If I am taking an antimalarial medication, will it be more difficult to get pregnant?

There are no studies available on the effects of antimalarial medications on fertility. However, one case has been reported of a man who developed problems with sperm counts and function after becoming infected with malaria and taking antimalarial medications. It is unknown whether these effects were due to the malaria infection or the medications. Since evidence is very limited, no conclusions can be made on the effects of these medications on fertility.

Women who are taking antimalarial medications should contact their doctor if they are planning to become pregnant. Due to the severity of malaria and its serious effects on the baby, your doctor may recommend that you finish your treatment prior to becoming pregnant.

If I am taking an antimalarial medication, what should I know?

The benefits of treatment for malaria are considered to outweigh the potential risks to your baby for most antimalarial medications. Expecting moms who are infected with malaria should get treatment for the disease because untreated malaria poses serious health risks to both you and your baby. It is not recommended for expecting moms to travel to regions of the world where malaria is present. If travel is required, you should speak with your doctor about obtaining antimalarial medication to take with you on your trip. Special precautions should also be taken to ensure that expecting moms do not get bitten by mosquitos while staying in areas that have malaria.

Many antimalarial medications are considered safe while breastfeeding. Your doctor will choose the most appropriate antimalarial medication for you depending on the severity of the disease. 

If I am taking any medication, what should I know?

This report provides a summary of available information about the use of antimalarial medications during pregnancy and breastfeeding. Content is from the product label unless otherwise indicated.

You may find Pregistry’s expert report about malaria here.  Additional information can also be found in the resources below. 

Resources for antimalarial medications during pregnancy and breastfeeding:

For more information about antimalarial medications during and after pregnancy, contact http://www.womenshealth.gov/ (800-994-9662 [TDD: 888-220-5446]) or check the following links:

 

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Last Updated: 31-01-2018
General information

It is very common for women to worry about having a miscarriage or giving birth to a child with a birth defect while they are pregnant. Many decisions that women make about their health during pregnancy are made with these concerns in mind.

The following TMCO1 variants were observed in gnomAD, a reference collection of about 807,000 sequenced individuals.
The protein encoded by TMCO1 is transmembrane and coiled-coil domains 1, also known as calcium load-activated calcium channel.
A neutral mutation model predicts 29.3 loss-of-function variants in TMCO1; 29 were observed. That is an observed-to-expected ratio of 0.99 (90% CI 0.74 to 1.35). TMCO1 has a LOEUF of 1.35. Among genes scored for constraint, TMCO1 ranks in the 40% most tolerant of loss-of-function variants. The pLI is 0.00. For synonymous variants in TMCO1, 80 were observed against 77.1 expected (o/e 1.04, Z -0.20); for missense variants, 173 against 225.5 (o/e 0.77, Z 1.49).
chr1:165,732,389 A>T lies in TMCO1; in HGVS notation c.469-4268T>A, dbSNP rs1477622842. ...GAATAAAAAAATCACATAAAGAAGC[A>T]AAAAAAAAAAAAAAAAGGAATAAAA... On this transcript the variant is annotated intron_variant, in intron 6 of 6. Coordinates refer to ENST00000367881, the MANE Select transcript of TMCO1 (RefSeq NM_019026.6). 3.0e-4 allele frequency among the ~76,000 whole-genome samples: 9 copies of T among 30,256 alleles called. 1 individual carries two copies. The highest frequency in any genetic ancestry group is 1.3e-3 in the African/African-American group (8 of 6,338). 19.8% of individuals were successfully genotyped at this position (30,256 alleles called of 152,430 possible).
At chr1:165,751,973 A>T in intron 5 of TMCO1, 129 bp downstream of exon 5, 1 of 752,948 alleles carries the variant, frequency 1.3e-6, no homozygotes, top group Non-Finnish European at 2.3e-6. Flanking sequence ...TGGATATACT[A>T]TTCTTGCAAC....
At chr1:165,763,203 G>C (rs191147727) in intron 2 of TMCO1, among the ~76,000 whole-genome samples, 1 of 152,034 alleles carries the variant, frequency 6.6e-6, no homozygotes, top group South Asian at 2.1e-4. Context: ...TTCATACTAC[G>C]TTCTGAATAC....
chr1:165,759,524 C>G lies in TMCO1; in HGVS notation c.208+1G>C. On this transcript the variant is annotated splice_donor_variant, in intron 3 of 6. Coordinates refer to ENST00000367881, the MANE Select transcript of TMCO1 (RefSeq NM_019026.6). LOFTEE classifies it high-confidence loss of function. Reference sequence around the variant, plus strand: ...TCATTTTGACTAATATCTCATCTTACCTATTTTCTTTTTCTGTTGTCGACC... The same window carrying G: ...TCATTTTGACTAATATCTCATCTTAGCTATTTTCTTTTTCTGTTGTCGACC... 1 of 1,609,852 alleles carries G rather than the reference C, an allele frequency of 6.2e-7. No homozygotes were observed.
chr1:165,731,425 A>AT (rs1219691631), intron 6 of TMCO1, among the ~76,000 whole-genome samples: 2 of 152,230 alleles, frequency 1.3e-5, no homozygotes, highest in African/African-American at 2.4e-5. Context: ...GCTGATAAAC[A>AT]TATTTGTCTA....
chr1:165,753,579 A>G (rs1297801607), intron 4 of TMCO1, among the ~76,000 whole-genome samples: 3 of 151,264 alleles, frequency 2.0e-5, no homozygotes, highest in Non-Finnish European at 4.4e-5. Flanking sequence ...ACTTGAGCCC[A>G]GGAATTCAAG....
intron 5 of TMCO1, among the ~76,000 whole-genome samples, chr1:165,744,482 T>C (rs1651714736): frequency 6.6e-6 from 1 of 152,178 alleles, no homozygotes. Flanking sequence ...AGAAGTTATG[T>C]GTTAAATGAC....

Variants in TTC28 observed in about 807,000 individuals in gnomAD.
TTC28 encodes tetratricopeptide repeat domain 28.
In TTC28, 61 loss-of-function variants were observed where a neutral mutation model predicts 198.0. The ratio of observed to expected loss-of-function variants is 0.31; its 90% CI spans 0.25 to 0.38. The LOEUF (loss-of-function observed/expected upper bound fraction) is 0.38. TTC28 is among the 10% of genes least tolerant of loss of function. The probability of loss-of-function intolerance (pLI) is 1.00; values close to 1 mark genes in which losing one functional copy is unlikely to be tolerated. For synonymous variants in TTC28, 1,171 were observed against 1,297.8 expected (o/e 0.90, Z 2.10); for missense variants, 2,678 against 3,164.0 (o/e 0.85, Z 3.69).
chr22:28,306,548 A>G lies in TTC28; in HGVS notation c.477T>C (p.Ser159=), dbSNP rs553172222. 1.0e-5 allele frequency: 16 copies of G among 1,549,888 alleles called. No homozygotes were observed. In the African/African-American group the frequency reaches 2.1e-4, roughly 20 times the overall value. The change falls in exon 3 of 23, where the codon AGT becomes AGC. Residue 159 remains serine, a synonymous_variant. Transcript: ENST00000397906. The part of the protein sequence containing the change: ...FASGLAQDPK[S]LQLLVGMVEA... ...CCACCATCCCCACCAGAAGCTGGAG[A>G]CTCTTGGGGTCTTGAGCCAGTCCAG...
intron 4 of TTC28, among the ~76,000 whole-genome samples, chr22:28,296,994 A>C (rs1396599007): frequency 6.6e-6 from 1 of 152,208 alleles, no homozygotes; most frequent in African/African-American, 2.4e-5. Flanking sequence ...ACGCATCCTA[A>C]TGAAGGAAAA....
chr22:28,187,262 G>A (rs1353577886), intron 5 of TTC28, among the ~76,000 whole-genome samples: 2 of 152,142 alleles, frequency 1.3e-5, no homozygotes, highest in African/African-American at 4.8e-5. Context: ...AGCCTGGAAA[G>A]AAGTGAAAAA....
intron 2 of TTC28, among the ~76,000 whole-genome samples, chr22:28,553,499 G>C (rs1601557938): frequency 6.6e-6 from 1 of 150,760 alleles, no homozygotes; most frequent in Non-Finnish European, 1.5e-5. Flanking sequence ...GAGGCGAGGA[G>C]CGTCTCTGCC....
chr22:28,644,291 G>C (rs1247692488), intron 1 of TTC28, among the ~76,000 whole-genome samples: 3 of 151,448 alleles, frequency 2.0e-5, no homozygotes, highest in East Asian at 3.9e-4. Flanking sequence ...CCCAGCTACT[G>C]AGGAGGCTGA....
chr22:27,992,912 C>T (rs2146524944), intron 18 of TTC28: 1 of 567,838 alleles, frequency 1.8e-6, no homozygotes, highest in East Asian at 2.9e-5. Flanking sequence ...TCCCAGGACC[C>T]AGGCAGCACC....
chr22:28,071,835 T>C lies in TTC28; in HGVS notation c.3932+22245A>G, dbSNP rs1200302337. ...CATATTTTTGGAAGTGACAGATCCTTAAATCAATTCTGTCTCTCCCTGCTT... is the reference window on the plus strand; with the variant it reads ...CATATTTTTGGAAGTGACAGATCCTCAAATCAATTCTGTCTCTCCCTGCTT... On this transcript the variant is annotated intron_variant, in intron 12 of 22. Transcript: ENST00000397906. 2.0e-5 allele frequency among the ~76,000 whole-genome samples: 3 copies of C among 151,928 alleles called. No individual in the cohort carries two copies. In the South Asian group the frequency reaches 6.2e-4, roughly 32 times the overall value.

For many women these concerns are very real. As many as 1 in 5 pregnancies end in a miscarriage, and 1 in 33 babies are born with a birth defect. These rates are considered the background population risk, which means they do not take into consideration anything about the health of the mom, the medications she is taking, or the family history of the mom or the baby’s dad. A number of different things can increase these risks, including taking certain medications during pregnancy.

It is known that most medications, including over-the-counter medications, taken during pregnancy do get passed on to the baby. Fortunately, most medicines are not harmful to the baby and can be safely taken during pregnancy. But there are some that are known to be harmful to a baby’s normal development and growth, especially when they are taken during certain times of the pregnancy. Because of this, it is important to talk with your doctor or midwife about any medications you are taking, ideally before you even try to get pregnant.

If a doctor other than the one caring for your pregnancy recommends that you start a new medicine while you are pregnant, it is important that you let them know you are pregnant.

If you do need to take a new medication while pregnant, it is important to discuss the possible risks the medicine may pose on your pregnancy with your doctor or midwife. They can help you understand the benefits and the risks of taking the medicine.

Ultimately, the decision to start, stop, or change medications during pregnancy is up to you to make, along with input from your doctor or midwife. If you do take medications during pregnancy, be sure to keep track of all the medications you are taking.